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  #1  
Old 04-21-2004, 04:32 PM
laughingpiranha laughingpiranha is offline
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How many generations of humans have there been?

How many generations of humans have there been?
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  #2  
Old 04-21-2004, 04:39 PM
Exapno Mapcase Exapno Mapcase is offline
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When you say "humans" are you just talking about Homo sapiens or about any species in the genus Homo? It will make a huge difference to the answer. Which will be approximate in any case.
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Old 04-21-2004, 04:40 PM
John Mace John Mace is offline
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Depends on how you define "human".

Technically, that would be the rise of the genus Homo which is generally thought to have evolved about 2.5M years ago. If 20 yrs = 1 generation, that would be 125,000 generations.

If you mean Homo sapiens, then that was probably 150k yrs ago, meaning about 7,500 generations.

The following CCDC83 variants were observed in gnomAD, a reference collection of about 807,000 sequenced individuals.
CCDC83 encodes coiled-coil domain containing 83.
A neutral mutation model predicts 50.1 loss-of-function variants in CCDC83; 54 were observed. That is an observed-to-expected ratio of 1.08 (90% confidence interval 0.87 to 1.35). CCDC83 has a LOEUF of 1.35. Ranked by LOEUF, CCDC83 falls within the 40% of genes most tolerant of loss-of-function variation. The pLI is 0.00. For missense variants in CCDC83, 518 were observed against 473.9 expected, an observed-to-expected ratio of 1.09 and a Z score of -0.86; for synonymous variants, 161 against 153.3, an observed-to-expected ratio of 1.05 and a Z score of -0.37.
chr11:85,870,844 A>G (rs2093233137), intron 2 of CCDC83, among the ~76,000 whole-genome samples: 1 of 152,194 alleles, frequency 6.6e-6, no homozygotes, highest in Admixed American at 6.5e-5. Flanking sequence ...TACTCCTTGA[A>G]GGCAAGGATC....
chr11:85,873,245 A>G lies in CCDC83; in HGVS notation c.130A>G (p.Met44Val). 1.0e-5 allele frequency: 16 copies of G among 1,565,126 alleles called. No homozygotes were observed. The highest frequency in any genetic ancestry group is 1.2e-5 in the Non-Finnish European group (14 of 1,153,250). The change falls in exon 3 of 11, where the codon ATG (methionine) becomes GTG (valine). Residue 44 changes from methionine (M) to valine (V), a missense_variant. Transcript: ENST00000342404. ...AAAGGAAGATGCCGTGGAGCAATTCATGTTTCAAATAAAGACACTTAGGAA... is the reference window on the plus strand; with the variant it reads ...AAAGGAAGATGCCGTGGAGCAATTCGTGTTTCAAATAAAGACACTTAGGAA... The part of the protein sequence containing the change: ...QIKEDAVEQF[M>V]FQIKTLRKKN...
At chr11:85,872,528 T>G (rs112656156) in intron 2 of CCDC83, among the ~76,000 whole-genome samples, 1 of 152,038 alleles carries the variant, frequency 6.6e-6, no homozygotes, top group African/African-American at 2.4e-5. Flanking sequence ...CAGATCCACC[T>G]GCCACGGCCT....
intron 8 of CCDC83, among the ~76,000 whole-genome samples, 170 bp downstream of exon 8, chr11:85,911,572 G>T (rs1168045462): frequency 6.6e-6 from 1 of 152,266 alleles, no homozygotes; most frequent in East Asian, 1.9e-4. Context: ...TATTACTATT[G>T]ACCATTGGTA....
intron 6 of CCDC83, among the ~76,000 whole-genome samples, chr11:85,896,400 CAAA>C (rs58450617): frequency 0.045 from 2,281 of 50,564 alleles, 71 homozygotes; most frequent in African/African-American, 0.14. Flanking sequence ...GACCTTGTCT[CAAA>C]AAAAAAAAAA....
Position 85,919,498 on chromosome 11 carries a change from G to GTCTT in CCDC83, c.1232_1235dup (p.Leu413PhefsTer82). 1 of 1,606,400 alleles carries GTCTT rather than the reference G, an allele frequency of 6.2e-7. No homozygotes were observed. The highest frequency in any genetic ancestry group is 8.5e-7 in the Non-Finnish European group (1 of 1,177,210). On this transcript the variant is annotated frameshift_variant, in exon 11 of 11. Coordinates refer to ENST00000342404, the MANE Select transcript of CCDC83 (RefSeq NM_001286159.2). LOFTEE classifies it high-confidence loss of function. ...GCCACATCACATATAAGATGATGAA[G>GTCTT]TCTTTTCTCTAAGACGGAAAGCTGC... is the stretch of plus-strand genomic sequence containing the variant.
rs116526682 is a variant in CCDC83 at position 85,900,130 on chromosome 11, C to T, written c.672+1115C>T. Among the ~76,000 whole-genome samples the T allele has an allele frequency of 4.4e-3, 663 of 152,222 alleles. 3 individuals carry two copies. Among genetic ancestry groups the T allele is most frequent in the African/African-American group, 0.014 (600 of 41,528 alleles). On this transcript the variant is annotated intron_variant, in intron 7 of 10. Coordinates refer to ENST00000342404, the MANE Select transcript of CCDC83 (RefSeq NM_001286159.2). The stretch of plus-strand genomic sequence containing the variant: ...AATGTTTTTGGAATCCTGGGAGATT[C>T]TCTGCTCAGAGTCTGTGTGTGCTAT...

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Old 04-21-2004, 04:46 PM
levdrakon levdrakon is online now
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Ooh, ooh. Sounds a bit like a thread I started awhile back.

How many ancestors do I have?
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  #5  
Old 04-21-2004, 04:49 PM
Rufus Xavier Rufus Xavier is offline
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A 'generation', I think, is considered to be a 20 year period. So, if you assume the human race has been around in its present form for x number of years, the answer is 20x.

When I was a kid, I tried to figure something out, doubling myself every 20 years to see how many people in the past were in some way responsible for my existence. Well, when I got to 500 B.C., I was at 10 billion, so I guess I did something wrong. I gave up and haven't given it much thought since.
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  #6  
Old 04-21-2004, 04:51 PM
John Mace John Mace is offline
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And of course it depends quite a bit on what assumptions one uses for the average time length of a generation. For modern humans, 20 - 25 yrs is the convention. For our early Homo ancestors, it was probably a bit shorter.

So, make your assumptions and plug in the numbers. And make sure you realize that species generally don't evolve in one generation, so that it would be impossible to look at one group of animals and say: That generation is "human", but the generation preceeding it is not.
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Old 04-21-2004, 04:53 PM
John Mace John Mace is offline
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Quote:
Originally Posted by Rufus Xavier
Well, when I got to 500 B.C., I was at 10 billion, so I guess I did something wrong. I gave up and haven't given it much thought since.